9 college football coach buyouts, ranked by inexplicability
College football’s perpetually skyrocketing coach salaries get lots of attention. They’re often, fairly used as evidence that the sport isn’t nearly as “amateur” as the NCAA would have you believe. They’re held up as an example of something state governments spend hand over fist on when they could be using that money on, say, services for citizens.
I’ve always found coaches’ buyouts to be just as incredible. Paying coaches a lot of money to lead unpaid teenagers isn’t jarring to me anymore, but I’m still taken aback by what universities are willing to pay coaches not to work. The answer is: a lot!
Each year, USA Today does the valuable work of collecting almost every FBS head coach’s contract information for that year, including the buyout amount in the case of a firing. Coach contracts at public schools are all supposed to be public record, but here’s where you can find the vast majority of them (parts of 123 contracts) all in one place for 2018.
These are some the list’s least explainable buyouts, pegged to Dec. 1, 2018 — shortly after the regular season ends, and during peak coach firing season. These are the amounts schools pay to coaches to walk away, not vice versa in the event of a coach leaving for another job. Remember that not every buyout amount is public.
9. Kentucky to Mark Stoops: $15.6 million
Placing Stoops here feels weird, given that Kentucky is good now. But this buyout was locked in before Kentucky got good, so it’s still inexplicable, even if it doesn’t look bad.
7 and 8. Colorado State and Wyoming: about $8 million apiece to Mike Bobo and Craig Bohl
Yes, CSU got a ransom from Florida when it gave up Jim McElwain before hiring Bobo. Yes, Bohl has now had two QBs (Carson Wentz and Josh Allen) drafted in the top 10.
Still: why oh why should it cost their schools more to fire them than it would cost WVU to fire Dana Holgorsen or Wisconsin to fire Paul Chryst, among many others?
6. Virginia to Bronco Mendenhall: $18.2 million
Mendenhall did well at BYU, but winning eight or nine games every year at BYU doesn’t strike me as a track record that says, “I’m gonna give you a top-20 buyout and put you in one of the hardest conferences in the country (that used to be true) and see how it goes.”
I even think Mendenhall’s done fine at Virginia. He’s not on the hot seat. But why should Virginia leave itself such a big amount to pay if things aren’t going well? Again, think of other recently non-competitive Power 5 programs that have coaches with drastically smaller buyouts. Why should the Hoos be locked into such a big one?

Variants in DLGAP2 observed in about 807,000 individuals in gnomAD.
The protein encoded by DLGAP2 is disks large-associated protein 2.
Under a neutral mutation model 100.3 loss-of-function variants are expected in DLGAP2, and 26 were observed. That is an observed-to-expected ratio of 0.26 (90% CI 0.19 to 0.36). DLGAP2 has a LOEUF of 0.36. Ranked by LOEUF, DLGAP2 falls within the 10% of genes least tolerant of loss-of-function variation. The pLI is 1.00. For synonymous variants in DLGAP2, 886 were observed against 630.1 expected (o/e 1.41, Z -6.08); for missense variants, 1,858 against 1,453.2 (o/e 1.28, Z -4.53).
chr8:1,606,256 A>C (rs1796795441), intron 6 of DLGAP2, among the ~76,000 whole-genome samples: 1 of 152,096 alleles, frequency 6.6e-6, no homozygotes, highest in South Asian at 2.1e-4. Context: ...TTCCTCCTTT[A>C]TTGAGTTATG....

4. and 5. Illinois to Lovie Smith: $12.6 million; and Rutgers to Chris Ash: $10.4 million
Both of these deals expire between 2021 and 2022. Both teams are bad and showing no signs of momentum. Sure, schools have to pay up to get coaches to take on difficult jobs, and Rutgers’ case is a little bit unique; Ash had leverage to get more money because of the school’s NCAA problems around the time of his hiring.
But consider how the Illini and Scarlet Knights have done relative to their peers at the bottom of the Big Ten. Maryland’s buyout for DJ Durkin is $5.1 million. Indiana’s for Tom Allen is $2 million. Why should Smith and Ash — Smith in particular — be so much more expensive than those two?
At the top of the list is : a three-way tie of buyouts that are inexplicable in different but key ways.
T-1. Iowa to Kirk Ferentz: $22.4 million
Ferentz got a stunningly fat extension after Iowa went 12-2 in 2015. Nobody is saying he hasn’t been a successful coach, but he has the ninth-biggest buyout on that list, and something else almost nobody would say is that Ferentz is really a top-10 coach. The Hawkeyes’ rationale for giving him so much guaranteed money is still not clear.
He’s under contract through 2025. Presumably that’s because teams would’ve been lining up to hire away a 63-year-old Ferentz if his deal expired, say, this year.
T-1. Louisville to Bobby Petrino: $14.1 million
We’ve covered Petrino’s contract exhaustively here. There is a lot to it, including some indications that Louisville recognized it was going into business with the most notoriously unreliable coach in college football, a guy who’d already left them within a year of signing a 10-year contract and had well more than a decade of very public shenanigans to his name.
Louisville prepared for the possibility that Petrino would leave for another job, attaching big buyouts in the event a school hired him away (even though those buyouts were halved when the school fired athletic director Tom Jurich). But the school did not appear to prepare for the possibility that Petrino might just stop winning games and start making impossibly perplexing play calls. That’s the road currently being traveled.
T-1. Texas A&M to Jimbo Fisher: about $68 million
Texas A&M gave a 10-year, $75 million, fully guaranteed contract to a coach who’d just gone 5-6 at Florida State, then let Fisher have an exit buyout of zero dollars on his own end. Yes, this amount looks exorbitant because he’s got nine years left on his deal, and yes, Fisher might lead Texas A&M to the SEC glory it’s sought for so long. But come on. It’s $30 million bigger than any other buyout in the sport.
Those are some of the most inexplicable buyouts, but there are plenty of bad ones elsewhere.
UNC’s Larry Fedora, for instance, has a big one at $12.2 million. But while that looks bad after he said some wild stuff and apparently fielded two bad teams in a row in 2017 and ‘18, paying him made sense when it happened before the first of those years.
College football programs should consider spending more responsibly on coaches. They might win more games and have more money to spend on other things.
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Buyouts are the dumbest things college football ever allow to happen. You can suck at your job and make millions!
And they have gotten ridiculous